ALT Completes First Acquisition of Landscape-Scale Conservation Project

April 19, 2024

For Immediate Release

Collier Township, PA


Local land conservation non-profit Allegheny Land Trust (ALT) acquired 90 acres of woodlands in Collier Township adjacent to Collier Community Park.


This completes the first of ALT’s multi-phase Panhandle Greenway Conservation Project, a landscape-scale effort to proactively conserve high quality green space and add to locally conserved lands like Settler’s Cabin Park, Pittsburgh Botanic Garden, Collier Community Park, South Fayette’s Preservation Park, other public and privately conserved lands and the Panhandle and Montour Trails.


“Conserving this first parcel goes beyond preserving this specific property; it begins stitching together a growing, green fabric in the Panhandle Trail corridor,” ALT President and CEO Chris Beichner said. “It demonstrates a commitment to future generations, ensuring they inherit a cohesive tapestry of thriving ecosystems where they can permanently enjoy and connect with the benefits of nature.”


As a permanently conserved green space, this land supports the resiliency of the Panhandle Trail corridor by buffering the trail and nearby green spaces, preserving natural scenic beauty, providing a place for close-to-home outdoor recreation and environmental education, mitigating downstream flooding in Robinson Run and Chartiers Creek by absorbing 66 million gallons of rainwater annually, maintaining air quality by annually sequestering 322,000 pounds of carbon and 5,700 pounds of other pollutants, preventing further traffic congestion and enhancing the attractiveness of nearby communities to prospective homeowners.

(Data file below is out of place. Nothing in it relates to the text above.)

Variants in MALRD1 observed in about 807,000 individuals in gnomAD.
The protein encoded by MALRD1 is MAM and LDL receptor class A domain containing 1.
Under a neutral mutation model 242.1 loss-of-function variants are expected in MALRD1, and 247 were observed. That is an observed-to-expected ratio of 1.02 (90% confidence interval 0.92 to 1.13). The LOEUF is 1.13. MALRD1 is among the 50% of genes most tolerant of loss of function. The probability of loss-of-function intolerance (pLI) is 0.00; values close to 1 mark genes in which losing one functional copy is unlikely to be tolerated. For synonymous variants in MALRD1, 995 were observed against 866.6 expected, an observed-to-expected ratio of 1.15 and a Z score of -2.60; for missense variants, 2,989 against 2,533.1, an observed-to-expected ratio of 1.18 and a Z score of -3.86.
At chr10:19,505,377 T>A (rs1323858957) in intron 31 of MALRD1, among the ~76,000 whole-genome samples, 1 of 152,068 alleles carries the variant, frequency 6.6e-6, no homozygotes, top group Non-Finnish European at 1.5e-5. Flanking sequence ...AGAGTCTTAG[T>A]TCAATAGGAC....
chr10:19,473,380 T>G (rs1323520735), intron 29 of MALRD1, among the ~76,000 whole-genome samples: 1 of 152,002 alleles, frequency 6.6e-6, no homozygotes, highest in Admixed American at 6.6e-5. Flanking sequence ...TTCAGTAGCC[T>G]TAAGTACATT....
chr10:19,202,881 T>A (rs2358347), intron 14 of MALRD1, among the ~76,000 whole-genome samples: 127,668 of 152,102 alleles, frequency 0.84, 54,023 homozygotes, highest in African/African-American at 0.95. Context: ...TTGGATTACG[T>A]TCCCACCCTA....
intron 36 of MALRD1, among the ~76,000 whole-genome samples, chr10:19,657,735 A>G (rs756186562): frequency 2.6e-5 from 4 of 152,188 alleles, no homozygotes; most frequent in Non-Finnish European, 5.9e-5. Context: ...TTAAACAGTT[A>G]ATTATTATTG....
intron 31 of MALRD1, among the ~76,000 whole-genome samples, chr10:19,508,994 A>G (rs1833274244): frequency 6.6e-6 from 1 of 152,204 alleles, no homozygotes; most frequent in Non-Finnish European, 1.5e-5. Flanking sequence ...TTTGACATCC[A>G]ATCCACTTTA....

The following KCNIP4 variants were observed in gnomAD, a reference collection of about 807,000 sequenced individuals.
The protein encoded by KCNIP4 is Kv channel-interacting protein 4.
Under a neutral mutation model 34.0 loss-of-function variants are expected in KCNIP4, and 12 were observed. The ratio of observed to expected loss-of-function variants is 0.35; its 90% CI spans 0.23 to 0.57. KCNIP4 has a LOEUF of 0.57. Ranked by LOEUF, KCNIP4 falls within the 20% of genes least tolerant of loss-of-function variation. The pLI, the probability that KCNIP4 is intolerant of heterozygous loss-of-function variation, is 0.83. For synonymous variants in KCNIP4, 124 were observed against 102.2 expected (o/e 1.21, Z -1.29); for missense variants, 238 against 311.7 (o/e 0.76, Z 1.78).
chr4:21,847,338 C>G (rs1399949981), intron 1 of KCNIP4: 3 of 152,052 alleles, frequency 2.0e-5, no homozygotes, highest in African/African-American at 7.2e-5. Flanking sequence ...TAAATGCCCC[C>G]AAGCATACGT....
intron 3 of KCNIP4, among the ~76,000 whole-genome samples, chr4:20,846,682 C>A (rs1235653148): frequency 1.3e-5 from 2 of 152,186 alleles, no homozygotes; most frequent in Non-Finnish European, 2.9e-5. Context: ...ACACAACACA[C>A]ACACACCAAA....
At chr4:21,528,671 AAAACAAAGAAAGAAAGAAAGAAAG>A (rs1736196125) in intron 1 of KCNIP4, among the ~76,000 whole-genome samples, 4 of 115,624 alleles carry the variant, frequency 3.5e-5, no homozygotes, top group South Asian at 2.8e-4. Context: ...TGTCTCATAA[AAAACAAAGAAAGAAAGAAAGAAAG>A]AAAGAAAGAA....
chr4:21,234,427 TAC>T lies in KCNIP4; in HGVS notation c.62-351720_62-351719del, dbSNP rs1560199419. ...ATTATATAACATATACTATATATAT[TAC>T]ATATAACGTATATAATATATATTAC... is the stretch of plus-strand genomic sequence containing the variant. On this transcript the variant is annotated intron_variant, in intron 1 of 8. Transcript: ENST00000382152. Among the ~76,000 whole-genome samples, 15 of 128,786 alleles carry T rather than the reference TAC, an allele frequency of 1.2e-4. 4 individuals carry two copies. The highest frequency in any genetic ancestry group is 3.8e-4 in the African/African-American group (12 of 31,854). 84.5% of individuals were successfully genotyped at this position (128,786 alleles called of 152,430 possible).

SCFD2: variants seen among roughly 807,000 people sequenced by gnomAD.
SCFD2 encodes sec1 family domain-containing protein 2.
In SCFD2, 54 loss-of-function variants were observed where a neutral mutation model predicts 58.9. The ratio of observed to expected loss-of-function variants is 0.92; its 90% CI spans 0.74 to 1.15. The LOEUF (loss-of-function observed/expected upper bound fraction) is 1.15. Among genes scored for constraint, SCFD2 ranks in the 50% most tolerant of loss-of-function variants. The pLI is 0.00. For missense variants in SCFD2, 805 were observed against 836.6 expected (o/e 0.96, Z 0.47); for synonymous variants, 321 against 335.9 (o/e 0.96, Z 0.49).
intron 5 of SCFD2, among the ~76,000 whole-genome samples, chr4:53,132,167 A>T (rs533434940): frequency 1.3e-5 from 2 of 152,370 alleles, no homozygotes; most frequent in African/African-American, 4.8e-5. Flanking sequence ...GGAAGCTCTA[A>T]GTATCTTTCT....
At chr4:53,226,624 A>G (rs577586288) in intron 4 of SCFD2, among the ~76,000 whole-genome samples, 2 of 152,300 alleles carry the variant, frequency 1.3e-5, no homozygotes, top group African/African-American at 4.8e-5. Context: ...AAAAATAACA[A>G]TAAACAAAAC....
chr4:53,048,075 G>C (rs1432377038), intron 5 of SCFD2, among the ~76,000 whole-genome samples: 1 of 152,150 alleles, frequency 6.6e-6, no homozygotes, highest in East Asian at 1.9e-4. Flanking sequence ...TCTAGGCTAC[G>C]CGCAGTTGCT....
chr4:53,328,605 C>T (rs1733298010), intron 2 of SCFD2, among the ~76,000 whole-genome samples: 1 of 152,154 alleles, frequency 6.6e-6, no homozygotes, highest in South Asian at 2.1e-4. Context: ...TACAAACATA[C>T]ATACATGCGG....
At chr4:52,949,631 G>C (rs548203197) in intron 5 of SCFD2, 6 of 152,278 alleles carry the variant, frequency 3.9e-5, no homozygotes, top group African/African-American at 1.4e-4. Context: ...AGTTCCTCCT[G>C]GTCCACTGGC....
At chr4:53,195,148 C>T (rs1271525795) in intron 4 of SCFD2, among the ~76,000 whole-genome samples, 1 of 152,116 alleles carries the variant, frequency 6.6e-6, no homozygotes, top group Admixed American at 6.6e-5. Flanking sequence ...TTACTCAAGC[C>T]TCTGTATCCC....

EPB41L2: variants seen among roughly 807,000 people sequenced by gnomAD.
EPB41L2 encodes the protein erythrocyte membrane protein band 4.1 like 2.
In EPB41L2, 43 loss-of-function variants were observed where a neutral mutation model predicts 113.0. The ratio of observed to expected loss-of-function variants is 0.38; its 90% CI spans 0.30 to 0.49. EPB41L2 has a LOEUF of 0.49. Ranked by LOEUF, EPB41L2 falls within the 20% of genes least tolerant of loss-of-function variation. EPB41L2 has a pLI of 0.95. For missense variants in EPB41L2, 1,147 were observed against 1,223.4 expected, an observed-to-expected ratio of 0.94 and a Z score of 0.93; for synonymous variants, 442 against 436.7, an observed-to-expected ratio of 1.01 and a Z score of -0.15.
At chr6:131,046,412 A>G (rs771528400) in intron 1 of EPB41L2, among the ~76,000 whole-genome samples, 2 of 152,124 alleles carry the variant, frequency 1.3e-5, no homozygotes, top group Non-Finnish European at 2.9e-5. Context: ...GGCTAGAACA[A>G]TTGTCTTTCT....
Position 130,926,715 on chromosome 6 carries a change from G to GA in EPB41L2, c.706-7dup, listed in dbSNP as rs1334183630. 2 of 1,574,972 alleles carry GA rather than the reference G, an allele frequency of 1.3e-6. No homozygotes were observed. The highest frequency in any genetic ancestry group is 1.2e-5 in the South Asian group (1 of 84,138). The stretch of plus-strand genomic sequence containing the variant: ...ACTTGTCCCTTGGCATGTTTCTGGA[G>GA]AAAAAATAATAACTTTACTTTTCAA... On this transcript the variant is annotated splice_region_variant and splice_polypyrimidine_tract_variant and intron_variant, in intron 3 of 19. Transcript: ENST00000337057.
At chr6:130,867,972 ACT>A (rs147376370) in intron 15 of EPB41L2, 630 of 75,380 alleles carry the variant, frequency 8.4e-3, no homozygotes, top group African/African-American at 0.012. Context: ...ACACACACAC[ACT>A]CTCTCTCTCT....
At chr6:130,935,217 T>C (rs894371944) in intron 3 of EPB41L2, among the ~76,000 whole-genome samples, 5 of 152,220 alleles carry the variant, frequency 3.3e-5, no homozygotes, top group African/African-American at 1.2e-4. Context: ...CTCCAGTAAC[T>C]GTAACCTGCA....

Conservation’s significant role in improving water quality and mitigating flooding is underscored by the Pittsburgh region’s most recent stormwater incidents. In nearby Oakdale, streets and homes filled with several feet of standing water; at least nine people needed to be rescued from their homes.


“We see land conservation as a core solution to addressing many of our region’s challenges, like flooding,” Beichner said. “This land is now guaranteed to forever function as a natural climate solution to prevent exacerbated flooding by proactively maintaining natural, permeable surface in an area experiencing rampant development.”


The project received full support from U.S. Congressman Chris Deluzio, PA Senator Devlin Robinson, PA State Representative Anita Kulik, Allegheny County Conservation District, Allegheny County Parks Foundation, Friends of the Panhandle Trail, Pittsburgh Botanic Garden and County Council Representative Pat Catena.


“It is important for all of us to support important projects like this that promote conservation and recreation,” Rep Kulik said. “This project will significantly promote the beauty of our communities.”


ALT worked over a one-year period to raise the $630,356 needed to purchase the land. Support was provided by more than 110 individual community donors who gave more than $37,250, as well as support from the Richard King Mellon Foundation, the Katherine Mabis McKenna Foundation, the Colcom Foundation and Massey Charitable Trust.


As ALT moves onto creating a long-term vision for this site, it will also begin working on a second acquisition of the Panhandle Greenway Conservation Project. ALT has 140 acres in South Fayette Township under contract for permanent protection and will be working with the community to raise the necessary $1,170,085 needed to secure the land by the end of 2024.


“We’re excited to work with the community on the next acquisition in this important watershed to balance intense development pressures with thoughtful, strategic conservation,” Beichner said. “By working together, we can create an unparalleled network of interconnected parks, nature areas, trails and streams that serve as a truly unique regional, recreational and ecological asset today and for generations to come.”



Panhandle Greenway Conservation Project Link: